So like most things tech or gear, it all depends on what you have an what you need/want.



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Old 07-24-2023, 11:44 AM
Dirk Hofman Dirk Hofman is offline
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Yep. I like my viewfinders to be clutter-free. I do have an Eg-D focusing screen in my 6D, but the grid is not intrusive at all. The lines are far less visible than those in any of my old view cameras that had grids on their groundglass/groundplastic.
That's totally customizable. When I first put a Sony camera to my eye (no idea which one but an early alpha full-frame), I had the feeling I was looking into a computer rather than a camera. With all the AF points going off and all the other data in the view it was a lot to take in! I thought at the time I much preferred the quiet of my 6D, so I feel ya. But after using mirrorless for some time now, I've realized there are modes where you can eliminate all that noise, and the EVF giving a nice preview of how the image really will be exposed is great. Especially helpful for black and white visualization.

I hear what you're saying for sure. But for folks out there who haven't tried mirrorless, I'd urge you to find out how to customize the EVF view (easy) and see how you feel in real world shooting. The sheer number of phase-detect autofocus points is a huge reason for using mirrorless over something like the 6D which had, what like 9? Versus PDAF points on 95% of the camera on the A9ii, it's a totally different experience.

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That's untrue. No mirrorless I've used (Fujis and Panasonics) can show the full range of visible natural light levels in their electronic viewfinders. You're seeing a little video screen, illuminated and magnified, and that can't reproduce the brightness range I get when shooting outdoors in bright Colorado sunlight. You can also see this in any camera store: point the camera at the entry door. Can you see good detail in the interior walls surrounding the door, while seeing details in the bright sunlight outside? No, I couldn't, not even with the latest and greatest Nikon Z7.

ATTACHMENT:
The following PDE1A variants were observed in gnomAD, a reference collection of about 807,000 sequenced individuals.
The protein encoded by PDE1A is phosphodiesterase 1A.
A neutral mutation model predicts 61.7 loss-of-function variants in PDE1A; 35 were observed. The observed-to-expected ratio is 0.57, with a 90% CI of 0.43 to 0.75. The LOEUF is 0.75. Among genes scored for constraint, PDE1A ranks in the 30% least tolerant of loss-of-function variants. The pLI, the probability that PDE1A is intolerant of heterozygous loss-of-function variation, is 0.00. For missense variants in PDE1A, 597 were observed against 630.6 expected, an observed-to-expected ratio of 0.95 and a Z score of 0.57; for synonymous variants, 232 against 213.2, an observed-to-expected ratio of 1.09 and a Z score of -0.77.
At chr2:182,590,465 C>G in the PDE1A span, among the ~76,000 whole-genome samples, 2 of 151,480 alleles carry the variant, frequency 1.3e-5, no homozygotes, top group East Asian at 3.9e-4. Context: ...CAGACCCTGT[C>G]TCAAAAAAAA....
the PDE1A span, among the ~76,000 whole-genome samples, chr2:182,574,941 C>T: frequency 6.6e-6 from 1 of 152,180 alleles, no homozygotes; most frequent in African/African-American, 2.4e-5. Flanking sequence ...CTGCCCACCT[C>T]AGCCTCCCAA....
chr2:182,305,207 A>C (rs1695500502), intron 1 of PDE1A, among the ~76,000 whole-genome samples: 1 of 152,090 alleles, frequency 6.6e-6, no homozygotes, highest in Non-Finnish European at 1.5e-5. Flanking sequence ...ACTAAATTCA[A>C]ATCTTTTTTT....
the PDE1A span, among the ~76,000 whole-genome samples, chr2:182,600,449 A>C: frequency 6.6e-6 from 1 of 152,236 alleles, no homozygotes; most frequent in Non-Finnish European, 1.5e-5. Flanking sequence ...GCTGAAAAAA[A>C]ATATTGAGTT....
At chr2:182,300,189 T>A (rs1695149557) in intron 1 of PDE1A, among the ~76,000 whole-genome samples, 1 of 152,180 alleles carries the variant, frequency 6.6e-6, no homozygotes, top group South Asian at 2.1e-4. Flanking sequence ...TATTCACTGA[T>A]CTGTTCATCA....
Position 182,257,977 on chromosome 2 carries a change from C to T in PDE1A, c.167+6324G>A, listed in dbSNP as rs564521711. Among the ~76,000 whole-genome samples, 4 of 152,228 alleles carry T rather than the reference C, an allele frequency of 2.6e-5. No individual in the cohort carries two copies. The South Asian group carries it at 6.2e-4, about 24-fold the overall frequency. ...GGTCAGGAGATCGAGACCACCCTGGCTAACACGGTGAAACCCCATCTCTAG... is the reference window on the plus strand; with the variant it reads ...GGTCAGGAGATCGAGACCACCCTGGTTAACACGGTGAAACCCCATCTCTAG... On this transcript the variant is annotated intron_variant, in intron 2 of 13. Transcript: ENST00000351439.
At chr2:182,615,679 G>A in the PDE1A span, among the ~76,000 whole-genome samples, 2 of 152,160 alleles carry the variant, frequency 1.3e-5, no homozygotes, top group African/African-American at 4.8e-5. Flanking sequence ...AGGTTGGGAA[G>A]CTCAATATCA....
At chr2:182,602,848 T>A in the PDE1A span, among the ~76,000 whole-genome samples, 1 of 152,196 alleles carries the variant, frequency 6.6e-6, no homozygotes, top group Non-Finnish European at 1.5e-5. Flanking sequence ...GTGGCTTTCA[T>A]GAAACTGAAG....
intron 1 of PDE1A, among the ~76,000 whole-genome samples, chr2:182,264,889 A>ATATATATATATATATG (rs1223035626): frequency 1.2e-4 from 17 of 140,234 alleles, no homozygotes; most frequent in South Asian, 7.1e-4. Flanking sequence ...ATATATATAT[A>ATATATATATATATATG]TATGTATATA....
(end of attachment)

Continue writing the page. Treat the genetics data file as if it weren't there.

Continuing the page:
Any SLR can do this, because you're seeing actual light used to take the photo. The sensors in either type of camera can handle large contrast ranges, so the photo will be identical, but with the mirrorless, you're shooting blind where the shadows are concerned. Sometimes, the EVF image looks so artificial and ugly that I change my mind about taking the photo. Each generation of mirrorless comes with incremental EVF improvements, which makes me think it's a mistake to invest big bucks in a camera tech that's not fully developed. Meanwhile, my Pentax DSLR is the best, and possibly the last, DSLR on the market.

Maybe you think that's a specialized use case, but I face it often. Mirrorless is superior for other tasks, though. It gives you lots of visual aids/clutter in the EVF, such as grids and levels. Instant EVF review of the shot you just took gives confidence, too. But be aware that running that EVF all the time will suck down battery power; my Panasonic battery lasts about one hour, while my Pentax battery lasts all day. Where mirrorless is best is low light photography, because the EVF brightness can be boosted in dim clubs or restaurants. Mirrorless is superior in high-speed action sequences, and - this is the biggest deal - it's the design best-suited to dual use in video work.
Quite correct, you are not seeing an exact replication of light that you'd see in an optical viewfinder. There's often too much contrast, and the EVF has limits on how well it can really reproduce light. Very true. But in actual use, this is in my view a minor and even esoteric concern. Not to dismiss your views in any way, I just see it differently and understand your POV. If you accept that it's not an exact representation, you can use if for what it's good at. Reliably showing how your exposure and color choices will appear in the initial RAW or JPEG image. The rendering, which while imperfect, is actually really really good, and incredibly useful. The perfect does not need to get in the way of the excellent, and that's what current mirrorless viewfinders are. Excellent.